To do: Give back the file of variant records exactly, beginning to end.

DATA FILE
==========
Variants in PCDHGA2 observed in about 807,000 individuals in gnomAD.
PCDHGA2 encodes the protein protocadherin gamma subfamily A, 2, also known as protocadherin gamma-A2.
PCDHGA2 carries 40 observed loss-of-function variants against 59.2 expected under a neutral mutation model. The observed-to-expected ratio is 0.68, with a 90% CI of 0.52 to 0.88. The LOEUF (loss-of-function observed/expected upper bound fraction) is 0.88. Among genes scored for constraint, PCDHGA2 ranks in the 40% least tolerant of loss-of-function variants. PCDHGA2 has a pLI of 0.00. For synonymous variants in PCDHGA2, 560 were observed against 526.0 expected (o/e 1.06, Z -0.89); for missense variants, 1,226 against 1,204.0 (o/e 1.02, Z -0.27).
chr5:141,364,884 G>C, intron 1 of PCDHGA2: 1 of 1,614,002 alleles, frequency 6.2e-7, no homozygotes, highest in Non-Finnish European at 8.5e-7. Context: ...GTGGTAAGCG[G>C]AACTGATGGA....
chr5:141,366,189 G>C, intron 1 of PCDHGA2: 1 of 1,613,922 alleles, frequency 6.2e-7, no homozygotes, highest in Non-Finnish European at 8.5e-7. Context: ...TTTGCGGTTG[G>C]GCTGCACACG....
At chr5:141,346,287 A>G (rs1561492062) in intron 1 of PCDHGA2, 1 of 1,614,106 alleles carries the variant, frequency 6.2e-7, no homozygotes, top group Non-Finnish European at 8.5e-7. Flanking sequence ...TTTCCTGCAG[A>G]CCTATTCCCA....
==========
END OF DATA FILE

Variants in PCDHGA2 observed in about 807,000 individuals in gnomAD.
PCDHGA2 encodes the protein protocadherin gamma subfamily A, 2, also known as protocadherin gamma-A2.
PCDHGA2 carries 40 observed loss-of-function variants against 59.2 expected under a neutral mutation model. The observed-to-expected ratio is 0.68, with a 90% CI of 0.52 to 0.88. The LOEUF (loss-of-function observed/expected upper bound fraction) is 0.88. Among genes scored for constraint, PCDHGA2 ranks in the 40% least tolerant of loss-of-function variants. PCDHGA2 has a pLI of 0.00. For synonymous variants in PCDHGA2, 560 were observed against 526.0 expected (o/e 1.06, Z -0.89); for missense variants, 1,226 against 1,204.0 (o/e 1.02, Z -0.27).
chr5:141,364,884 G>C, intron 1 of PCDHGA2: 1 of 1,614,002 alleles, frequency 6.2e-7, no homozygotes, highest in Non-Finnish European at 8.5e-7. Context: ...GTGGTAAGCG[G>C]AACTGATGGA....
chr5:141,366,189 G>C, intron 1 of PCDHGA2: 1 of 1,613,922 alleles, frequency 6.2e-7, no homozygotes, highest in Non-Finnish European at 8.5e-7. Context: ...TTTGCGGTTG[G>C]GCTGCACACG....
At chr5:141,346,287 A>G (rs1561492062) in intron 1 of PCDHGA2, 1 of 1,614,106 alleles carries the variant, frequency 6.2e-7, no homozygotes, top group Non-Finnish European at 8.5e-7. Flanking sequence ...TTTCCTGCAG[A>G]CCTATTCCCA....